Earlier this month, the Bureau of Alcohol, Tobacco, Firearms and Explosives (ATF) raided a local gun shop here in Bakersfield, California, called EP Armory. The store had been open for all of six days when federal agents swooped in and shut them down. They also raided the home of the store’s owner. An unknown number of items and documents were removed from the EP Armory storefront. Soon after the ATF took these actions against EP Armory, the owner of Ares Armor of National City, California, filed a temporary restraining order against the ATF to prevent the agency from seizing the company’s customer information. Luckily for Ares, they had advanced warning, and were able to take action before federal agents busted down their door. Not that the restraining order stopped the ATF from busting down their door – federal agents later raided Ares Armor to get the customer information, basically using disinformation and legal trickery to get around the restraining order.
At issue in both of these incidents is something called an eighty-percent lower receiver (the EP in EP Lowers stands for Eighty Percent). Under federal law, it is legal for a person to build their own custom firearm for their own use (as long as they are able to legally own a firearm under the law). This firearm does not need a serial number, does not need to be registered with any government agency, and cannot be sold or transferred in any way, shape or form (unless a serial number is obtained and permanently attached to the firearm). This is perfectly legal in the United States of America, and in the state of California.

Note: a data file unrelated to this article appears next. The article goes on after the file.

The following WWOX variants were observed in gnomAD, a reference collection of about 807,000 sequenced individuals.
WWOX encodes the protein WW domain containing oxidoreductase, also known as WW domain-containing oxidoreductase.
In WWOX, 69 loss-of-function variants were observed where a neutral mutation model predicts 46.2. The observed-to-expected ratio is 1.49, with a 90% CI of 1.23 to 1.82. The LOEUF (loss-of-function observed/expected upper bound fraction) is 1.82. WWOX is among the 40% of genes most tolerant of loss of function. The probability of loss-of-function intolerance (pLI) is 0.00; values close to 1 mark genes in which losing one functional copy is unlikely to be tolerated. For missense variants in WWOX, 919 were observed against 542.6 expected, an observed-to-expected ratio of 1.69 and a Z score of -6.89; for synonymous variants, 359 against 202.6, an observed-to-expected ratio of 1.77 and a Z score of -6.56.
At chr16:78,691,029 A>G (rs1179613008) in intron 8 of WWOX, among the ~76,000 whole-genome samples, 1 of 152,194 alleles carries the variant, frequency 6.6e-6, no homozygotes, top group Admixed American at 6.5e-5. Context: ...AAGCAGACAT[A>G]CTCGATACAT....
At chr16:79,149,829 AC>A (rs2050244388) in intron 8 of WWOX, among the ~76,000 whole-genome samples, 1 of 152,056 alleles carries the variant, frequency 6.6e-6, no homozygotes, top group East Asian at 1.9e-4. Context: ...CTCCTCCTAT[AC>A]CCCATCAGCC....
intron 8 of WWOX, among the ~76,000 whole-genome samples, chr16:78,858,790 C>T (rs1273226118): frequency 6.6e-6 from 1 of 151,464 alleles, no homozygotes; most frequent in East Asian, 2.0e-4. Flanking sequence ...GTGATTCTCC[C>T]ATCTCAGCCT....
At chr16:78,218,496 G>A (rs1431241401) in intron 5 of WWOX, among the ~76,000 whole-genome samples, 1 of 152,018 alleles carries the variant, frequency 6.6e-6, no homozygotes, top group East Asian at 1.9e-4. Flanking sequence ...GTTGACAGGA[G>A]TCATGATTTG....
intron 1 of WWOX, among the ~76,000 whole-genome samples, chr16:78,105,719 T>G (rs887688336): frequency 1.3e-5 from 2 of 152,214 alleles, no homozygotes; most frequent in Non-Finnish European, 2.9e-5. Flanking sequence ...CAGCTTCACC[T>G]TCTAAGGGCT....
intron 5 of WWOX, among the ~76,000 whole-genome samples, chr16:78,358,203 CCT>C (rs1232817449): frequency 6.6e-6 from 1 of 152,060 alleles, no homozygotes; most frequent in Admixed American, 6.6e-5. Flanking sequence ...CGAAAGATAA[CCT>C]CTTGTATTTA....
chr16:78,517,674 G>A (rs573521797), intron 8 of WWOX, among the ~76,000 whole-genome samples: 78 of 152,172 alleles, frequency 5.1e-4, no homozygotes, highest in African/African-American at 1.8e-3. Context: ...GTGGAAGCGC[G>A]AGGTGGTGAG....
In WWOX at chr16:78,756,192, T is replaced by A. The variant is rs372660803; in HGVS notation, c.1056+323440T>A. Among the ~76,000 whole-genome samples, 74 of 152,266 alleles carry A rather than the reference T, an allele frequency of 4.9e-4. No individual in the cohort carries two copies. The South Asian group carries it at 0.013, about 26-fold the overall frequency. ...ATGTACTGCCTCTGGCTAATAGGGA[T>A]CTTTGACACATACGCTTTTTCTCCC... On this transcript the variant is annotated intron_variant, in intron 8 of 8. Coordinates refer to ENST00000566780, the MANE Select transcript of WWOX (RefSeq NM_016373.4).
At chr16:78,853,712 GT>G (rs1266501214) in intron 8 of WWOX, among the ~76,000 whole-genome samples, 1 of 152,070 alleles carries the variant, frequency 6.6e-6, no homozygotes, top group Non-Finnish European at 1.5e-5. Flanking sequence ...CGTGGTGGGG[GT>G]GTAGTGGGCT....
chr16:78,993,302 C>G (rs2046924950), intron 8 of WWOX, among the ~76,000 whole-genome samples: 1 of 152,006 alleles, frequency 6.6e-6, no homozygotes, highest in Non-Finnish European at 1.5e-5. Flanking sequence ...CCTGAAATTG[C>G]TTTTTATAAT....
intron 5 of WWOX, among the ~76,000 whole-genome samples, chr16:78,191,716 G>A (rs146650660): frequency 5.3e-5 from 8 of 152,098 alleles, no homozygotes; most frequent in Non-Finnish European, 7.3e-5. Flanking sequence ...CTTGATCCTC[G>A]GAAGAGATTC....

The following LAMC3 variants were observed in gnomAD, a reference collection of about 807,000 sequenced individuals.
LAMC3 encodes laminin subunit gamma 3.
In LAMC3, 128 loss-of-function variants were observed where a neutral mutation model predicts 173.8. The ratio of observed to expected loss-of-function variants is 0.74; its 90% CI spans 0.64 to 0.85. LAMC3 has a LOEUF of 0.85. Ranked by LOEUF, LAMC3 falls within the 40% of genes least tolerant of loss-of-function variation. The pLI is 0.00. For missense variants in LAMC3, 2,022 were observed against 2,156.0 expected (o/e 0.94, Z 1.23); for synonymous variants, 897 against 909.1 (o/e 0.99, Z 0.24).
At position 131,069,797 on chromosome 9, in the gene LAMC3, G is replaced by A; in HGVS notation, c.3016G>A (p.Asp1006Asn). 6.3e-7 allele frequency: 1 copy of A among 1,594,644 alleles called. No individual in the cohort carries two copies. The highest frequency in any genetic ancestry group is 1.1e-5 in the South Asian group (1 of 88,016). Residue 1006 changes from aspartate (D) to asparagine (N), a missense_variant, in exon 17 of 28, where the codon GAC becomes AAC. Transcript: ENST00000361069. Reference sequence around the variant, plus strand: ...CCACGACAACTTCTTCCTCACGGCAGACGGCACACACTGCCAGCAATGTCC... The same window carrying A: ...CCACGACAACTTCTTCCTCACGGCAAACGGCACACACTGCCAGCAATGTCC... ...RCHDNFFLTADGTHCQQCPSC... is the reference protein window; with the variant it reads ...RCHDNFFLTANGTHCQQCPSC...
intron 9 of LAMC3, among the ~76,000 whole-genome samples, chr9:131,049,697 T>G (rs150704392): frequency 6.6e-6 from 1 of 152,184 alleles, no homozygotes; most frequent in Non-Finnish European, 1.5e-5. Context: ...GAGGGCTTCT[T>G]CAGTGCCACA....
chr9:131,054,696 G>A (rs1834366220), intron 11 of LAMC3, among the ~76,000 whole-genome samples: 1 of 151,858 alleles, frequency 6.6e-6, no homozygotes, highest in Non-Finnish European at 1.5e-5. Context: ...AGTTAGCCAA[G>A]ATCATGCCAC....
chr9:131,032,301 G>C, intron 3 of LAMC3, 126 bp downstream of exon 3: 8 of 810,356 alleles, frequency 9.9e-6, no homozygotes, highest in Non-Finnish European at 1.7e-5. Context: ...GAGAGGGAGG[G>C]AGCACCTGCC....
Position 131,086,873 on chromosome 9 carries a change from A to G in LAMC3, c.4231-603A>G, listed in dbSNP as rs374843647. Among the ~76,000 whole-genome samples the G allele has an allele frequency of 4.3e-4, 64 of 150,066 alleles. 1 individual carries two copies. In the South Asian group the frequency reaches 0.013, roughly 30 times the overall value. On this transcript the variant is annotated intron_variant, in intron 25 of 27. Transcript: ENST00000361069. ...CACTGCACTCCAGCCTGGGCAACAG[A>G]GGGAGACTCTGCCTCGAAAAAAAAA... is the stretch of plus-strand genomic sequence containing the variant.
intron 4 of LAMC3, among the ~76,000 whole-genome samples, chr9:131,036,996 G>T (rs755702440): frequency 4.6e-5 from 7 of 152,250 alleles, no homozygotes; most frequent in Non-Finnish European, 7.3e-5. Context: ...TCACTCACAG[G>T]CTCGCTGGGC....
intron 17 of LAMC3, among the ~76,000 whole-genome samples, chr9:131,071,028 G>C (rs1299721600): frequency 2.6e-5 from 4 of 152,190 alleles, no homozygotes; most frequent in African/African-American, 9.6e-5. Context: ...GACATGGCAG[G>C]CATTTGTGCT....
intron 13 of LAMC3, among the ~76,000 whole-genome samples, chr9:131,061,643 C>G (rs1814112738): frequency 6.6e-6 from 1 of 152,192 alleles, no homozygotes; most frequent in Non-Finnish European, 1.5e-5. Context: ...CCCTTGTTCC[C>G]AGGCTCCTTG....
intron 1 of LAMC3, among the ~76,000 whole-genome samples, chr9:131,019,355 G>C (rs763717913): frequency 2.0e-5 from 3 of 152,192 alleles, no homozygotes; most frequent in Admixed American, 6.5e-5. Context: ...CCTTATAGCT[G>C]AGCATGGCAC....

Unlike a completed lower receiver, an eighty-percent lower is incomplete – by definition, eighty percent of the manufacturing process has been completed, but there is still a significant amount of work to be done. For further clarification, the lower receiver is the one part of the gun that the ATF classifies as a firearm. In this case, we’re talking about lower receivers for AR-15 semiautomatic rifles – you know, those scary black rifles people in the media are always so freaked out about. Because they are incomplete, eighty percent lowers are not classified as firearms by the ATF.
Traditionally, most lower receivers, and pretty much all eighty-percent lowers have been made from aluminum, but new materials and manufacturing methods have made it possible to manufacture sturdy, trustworthy polymer lower receivers. Chris Cook, the owner of EP Lowers, came up with a method to manufacture high quality polymer eighty-percent lowers that are more affordable than, and don’t require the heavy machining of aluminum eighty percent lower receivers. According to ATF regulations, these new eighty percent lowers did not fit the definition of a firearm.
Not, that is, until the ATF decided to change the rules. Due to their affordability and ease of completion, EP Lowers got very popular very quickly, and the government, which doesn’t seem to like any firearms they can’t easily track and confiscate (with the exception of those they trafficked into Mexico), decided they needed to do something about this.